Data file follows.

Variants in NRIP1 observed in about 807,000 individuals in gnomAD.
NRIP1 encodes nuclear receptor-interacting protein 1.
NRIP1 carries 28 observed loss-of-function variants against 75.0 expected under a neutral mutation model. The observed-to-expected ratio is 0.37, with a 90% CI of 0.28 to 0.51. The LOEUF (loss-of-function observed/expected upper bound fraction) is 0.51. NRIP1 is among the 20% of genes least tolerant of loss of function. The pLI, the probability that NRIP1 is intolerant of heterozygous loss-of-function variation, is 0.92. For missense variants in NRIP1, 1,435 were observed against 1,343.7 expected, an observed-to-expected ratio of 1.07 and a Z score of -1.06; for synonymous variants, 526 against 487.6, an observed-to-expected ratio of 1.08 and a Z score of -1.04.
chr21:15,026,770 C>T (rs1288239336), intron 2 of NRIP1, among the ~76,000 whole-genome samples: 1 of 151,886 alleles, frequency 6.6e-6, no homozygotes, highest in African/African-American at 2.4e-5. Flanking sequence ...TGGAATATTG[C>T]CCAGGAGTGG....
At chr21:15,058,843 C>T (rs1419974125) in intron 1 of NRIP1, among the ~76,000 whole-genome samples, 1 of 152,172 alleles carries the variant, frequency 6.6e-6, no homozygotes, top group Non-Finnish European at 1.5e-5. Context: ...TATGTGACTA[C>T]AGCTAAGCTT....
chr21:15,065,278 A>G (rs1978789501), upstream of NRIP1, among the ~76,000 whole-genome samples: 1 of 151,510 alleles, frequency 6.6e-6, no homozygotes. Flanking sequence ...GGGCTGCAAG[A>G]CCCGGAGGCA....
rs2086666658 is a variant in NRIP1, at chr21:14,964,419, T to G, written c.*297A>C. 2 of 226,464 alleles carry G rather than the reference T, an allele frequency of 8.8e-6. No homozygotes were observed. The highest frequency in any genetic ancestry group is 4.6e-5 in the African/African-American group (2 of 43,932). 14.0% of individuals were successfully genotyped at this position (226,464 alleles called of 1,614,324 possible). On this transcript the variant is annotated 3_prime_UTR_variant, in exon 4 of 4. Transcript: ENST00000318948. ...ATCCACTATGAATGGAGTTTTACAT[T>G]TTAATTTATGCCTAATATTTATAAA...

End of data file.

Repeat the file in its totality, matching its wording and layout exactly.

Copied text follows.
Variants in NRIP1 observed in about 807,000 individuals in gnomAD.
NRIP1 encodes nuclear receptor-interacting protein 1.
NRIP1 carries 28 observed loss-of-function variants against 75.0 expected under a neutral mutation model. The observed-to-expected ratio is 0.37, with a 90% CI of 0.28 to 0.51. The LOEUF (loss-of-function observed/expected upper bound fraction) is 0.51. NRIP1 is among the 20% of genes least tolerant of loss of function. The pLI, the probability that NRIP1 is intolerant of heterozygous loss-of-function variation, is 0.92. For missense variants in NRIP1, 1,435 were observed against 1,343.7 expected, an observed-to-expected ratio of 1.07 and a Z score of -1.06; for synonymous variants, 526 against 487.6, an observed-to-expected ratio of 1.08 and a Z score of -1.04.
chr21:15,026,770 C>T (rs1288239336), intron 2 of NRIP1, among the ~76,000 whole-genome samples: 1 of 151,886 alleles, frequency 6.6e-6, no homozygotes, highest in African/African-American at 2.4e-5. Flanking sequence ...TGGAATATTG[C>T]CCAGGAGTGG....
At chr21:15,058,843 C>T (rs1419974125) in intron 1 of NRIP1, among the ~76,000 whole-genome samples, 1 of 152,172 alleles carries the variant, frequency 6.6e-6, no homozygotes, top group Non-Finnish European at 1.5e-5. Context: ...TATGTGACTA[C>T]AGCTAAGCTT....
chr21:15,065,278 A>G (rs1978789501), upstream of NRIP1, among the ~76,000 whole-genome samples: 1 of 151,510 alleles, frequency 6.6e-6, no homozygotes. Flanking sequence ...GGGCTGCAAG[A>G]CCCGGAGGCA....
rs2086666658 is a variant in NRIP1, at chr21:14,964,419, T to G, written c.*297A>C. 2 of 226,464 alleles carry G rather than the reference T, an allele frequency of 8.8e-6. No homozygotes were observed. The highest frequency in any genetic ancestry group is 4.6e-5 in the African/African-American group (2 of 43,932). 14.0% of individuals were successfully genotyped at this position (226,464 alleles called of 1,614,324 possible). On this transcript the variant is annotated 3_prime_UTR_variant, in exon 4 of 4. Transcript: ENST00000318948. ...ATCCACTATGAATGGAGTTTTACAT[T>G]TTAATTTATGCCTAATATTTATAAA...